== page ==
Eastern bluebird Facts

Eastern bluebird Facts
Eastern bluebird is small bird that belongs to the family of thrushes. There are 8 subspecies of eastern bluebird that are native to North and Central America. Eastern bluebird inhabits savannas, grasslands, woodlands and open areas with scattered trees. It can be also often found in the parks, gardens, yards and orchards. Habitat loss and increased competition for food and nesting sites with introduced species of birds resulted in drastic reduction in the number of eastern bluebirds at the beginning of the 20th century. Thanks to conservation efforts and construction of the large number of nest boxes (artificial nests), population of eastern bluebirds is large and stable today.
Interesting Eastern bluebird Facts:
Eastern bluebird can reach 6.3 to 8.3 inches in length and 0.9 to 1.2 ounces of weight. Females are slightly smaller than males.
Males have blue back, dark-colored tips of the wings, reddish-brown chest and white belly. Females have grayish body with blue-tinged wings and orange-colored chest.
Eastern bluebird has large, roundish head, slender, black beak and short legs and tail.
Eastern bluebird is diurnal animal (active during the day).
Eastern bluebird is an omnivore (it eats plants and meat). Its diet is based on crickets, grasshoppers and various beetles during the summer and berries, wild grapes and honeysuckle during the autumn and winter. Eastern bluebird occasionally eats shrews, lizards, salamanders, frogs and small snakes.
Eastern bluebird is gregarious bird that lives in groups (flocks) of around 100 birds outside the breeding season. They communicate via songs and body postures.
Eastern bluebird occupies and defends territory of 1.1 hectares during the mating season and 120.8 hectares during the winter (feeding grounds). Northern populations migrate toward the south when food becomes scarce during the winter.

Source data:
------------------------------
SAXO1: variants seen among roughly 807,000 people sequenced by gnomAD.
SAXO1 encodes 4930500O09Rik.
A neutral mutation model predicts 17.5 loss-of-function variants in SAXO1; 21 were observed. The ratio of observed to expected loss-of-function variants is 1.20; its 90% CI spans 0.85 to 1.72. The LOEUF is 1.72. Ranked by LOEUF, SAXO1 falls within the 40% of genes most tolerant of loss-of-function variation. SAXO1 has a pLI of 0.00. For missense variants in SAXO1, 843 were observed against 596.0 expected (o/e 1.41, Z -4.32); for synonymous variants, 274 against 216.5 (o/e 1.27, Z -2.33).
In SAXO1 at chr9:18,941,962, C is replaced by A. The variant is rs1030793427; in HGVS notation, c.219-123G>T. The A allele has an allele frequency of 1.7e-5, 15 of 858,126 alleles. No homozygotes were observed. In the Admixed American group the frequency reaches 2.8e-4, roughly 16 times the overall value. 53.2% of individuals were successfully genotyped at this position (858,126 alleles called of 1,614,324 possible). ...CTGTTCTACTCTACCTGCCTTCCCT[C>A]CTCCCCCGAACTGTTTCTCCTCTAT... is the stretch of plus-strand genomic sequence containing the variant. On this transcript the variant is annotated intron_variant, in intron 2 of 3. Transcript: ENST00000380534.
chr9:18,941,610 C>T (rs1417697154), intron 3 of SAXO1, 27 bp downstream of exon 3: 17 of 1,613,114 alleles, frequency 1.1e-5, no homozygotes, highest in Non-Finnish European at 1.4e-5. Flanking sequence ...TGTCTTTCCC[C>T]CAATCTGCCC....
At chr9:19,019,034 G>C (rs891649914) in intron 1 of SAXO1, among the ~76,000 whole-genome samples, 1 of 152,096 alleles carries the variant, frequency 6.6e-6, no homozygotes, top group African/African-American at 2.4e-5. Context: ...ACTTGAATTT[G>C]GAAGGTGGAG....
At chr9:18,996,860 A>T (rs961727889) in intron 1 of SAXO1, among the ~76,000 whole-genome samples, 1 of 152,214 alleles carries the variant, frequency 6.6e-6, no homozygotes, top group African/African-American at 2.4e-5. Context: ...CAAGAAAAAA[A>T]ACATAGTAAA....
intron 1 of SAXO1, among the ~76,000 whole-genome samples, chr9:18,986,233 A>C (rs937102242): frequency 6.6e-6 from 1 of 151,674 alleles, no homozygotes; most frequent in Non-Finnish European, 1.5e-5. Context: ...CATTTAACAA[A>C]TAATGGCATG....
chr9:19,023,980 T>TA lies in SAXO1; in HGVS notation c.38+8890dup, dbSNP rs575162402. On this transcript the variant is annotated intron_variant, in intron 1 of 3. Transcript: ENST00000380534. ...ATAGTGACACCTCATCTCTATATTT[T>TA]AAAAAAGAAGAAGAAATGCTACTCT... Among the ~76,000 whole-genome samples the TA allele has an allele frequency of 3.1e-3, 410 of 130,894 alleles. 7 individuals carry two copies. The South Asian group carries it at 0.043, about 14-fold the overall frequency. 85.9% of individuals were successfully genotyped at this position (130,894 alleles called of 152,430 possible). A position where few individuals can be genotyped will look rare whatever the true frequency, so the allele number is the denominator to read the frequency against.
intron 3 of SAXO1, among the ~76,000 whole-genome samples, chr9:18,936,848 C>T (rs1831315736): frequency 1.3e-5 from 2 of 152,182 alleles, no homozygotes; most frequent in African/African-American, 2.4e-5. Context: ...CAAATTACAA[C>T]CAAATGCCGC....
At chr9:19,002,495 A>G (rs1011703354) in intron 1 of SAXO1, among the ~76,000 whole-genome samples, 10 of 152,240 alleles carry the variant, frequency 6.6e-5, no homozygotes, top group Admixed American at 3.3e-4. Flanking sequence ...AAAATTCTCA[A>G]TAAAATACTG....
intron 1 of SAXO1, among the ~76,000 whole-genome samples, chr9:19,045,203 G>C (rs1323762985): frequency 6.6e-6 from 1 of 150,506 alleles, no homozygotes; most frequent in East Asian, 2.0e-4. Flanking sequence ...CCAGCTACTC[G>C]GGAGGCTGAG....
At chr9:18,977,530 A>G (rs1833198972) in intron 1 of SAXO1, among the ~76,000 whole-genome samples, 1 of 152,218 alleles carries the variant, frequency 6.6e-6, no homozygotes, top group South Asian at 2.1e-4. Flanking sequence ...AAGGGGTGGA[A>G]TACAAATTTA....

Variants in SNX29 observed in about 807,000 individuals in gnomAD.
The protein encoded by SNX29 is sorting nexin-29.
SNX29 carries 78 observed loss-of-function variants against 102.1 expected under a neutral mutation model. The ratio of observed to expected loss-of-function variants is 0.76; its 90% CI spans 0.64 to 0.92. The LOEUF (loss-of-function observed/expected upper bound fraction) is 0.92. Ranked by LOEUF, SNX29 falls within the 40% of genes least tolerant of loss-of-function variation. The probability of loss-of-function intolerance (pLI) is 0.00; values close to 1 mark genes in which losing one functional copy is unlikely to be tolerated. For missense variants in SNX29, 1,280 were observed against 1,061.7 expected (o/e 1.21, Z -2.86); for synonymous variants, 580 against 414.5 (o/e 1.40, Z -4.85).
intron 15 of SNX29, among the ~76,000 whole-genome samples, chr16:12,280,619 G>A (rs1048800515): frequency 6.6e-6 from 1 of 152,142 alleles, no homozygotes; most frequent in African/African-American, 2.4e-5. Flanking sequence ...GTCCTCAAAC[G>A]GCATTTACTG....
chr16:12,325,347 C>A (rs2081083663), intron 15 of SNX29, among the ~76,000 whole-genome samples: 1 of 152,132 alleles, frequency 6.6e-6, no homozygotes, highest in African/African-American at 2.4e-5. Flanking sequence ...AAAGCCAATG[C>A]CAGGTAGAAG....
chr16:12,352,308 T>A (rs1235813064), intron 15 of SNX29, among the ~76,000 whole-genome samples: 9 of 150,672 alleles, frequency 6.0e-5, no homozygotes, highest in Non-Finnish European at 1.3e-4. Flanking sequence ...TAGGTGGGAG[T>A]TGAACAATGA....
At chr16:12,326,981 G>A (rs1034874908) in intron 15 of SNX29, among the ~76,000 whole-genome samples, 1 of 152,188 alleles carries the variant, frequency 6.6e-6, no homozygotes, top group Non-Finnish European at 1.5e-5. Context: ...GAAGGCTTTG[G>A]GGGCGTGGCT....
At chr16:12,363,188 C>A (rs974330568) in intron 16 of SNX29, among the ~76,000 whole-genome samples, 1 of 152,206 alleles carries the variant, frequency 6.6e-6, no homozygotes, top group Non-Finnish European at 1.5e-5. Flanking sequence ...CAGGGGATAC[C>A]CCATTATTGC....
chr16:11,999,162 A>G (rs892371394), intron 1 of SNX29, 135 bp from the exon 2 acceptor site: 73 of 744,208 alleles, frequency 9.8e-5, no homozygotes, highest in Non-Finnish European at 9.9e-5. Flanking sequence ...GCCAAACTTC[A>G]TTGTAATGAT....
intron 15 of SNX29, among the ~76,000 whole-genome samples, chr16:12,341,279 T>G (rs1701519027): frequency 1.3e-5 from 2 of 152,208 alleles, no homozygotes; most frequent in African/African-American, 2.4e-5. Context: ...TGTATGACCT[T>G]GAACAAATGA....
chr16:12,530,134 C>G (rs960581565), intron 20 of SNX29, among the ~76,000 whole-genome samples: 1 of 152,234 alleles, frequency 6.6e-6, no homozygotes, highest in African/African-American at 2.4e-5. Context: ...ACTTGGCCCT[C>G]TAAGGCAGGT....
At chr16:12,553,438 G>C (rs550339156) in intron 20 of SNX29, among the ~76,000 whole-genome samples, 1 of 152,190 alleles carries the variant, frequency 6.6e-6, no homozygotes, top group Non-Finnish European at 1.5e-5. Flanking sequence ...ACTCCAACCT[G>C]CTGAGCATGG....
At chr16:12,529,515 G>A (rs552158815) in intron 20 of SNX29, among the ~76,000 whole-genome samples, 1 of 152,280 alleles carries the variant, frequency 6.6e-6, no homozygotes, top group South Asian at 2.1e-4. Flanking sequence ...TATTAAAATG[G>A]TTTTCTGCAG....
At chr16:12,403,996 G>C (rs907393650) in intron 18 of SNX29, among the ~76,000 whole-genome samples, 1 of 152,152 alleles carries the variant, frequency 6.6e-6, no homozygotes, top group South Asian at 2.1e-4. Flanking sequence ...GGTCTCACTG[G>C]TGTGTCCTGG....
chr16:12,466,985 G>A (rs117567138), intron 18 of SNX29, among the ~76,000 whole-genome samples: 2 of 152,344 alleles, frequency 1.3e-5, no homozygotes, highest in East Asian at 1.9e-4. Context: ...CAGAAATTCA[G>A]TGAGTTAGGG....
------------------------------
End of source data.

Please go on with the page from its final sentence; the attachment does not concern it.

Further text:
European starlings, house sparrows, raccoons, eastern chipmunks, flying squirrels, black bears and snakes are natural enemies of eastern bluebirds.
Mating season of eastern bluebirds takes place from February to September. Formed (breeding) couples often last several seasons. Eastern bluebirds produce two broods per season.
Male collects building material, while female builds cup-shaped nest in the abandoned woodpecker holes or in the cavities of trees. Construction of the nest lasts 10 days.
Female lays 3 to 7 bluish eggs that hatch after 13 to 16 days. Only female takes part in the incubation of eggs.
Chicks are helpless at birth. Both parents provide food (insects) for their chicks while they are in the nest (until the age of 15 to 20 days) and three weeks after they leave the nest.
In the rare cases, older chicks (from the first brood) participate in the rearing of the young chicks. Second brood usually stays with the parents during the winter.
Eastern bluebirds reach sexual maturity at the age of one year.
Eastern bluebirds can survive 6 years in the wild and up to 10 years in the captivity.

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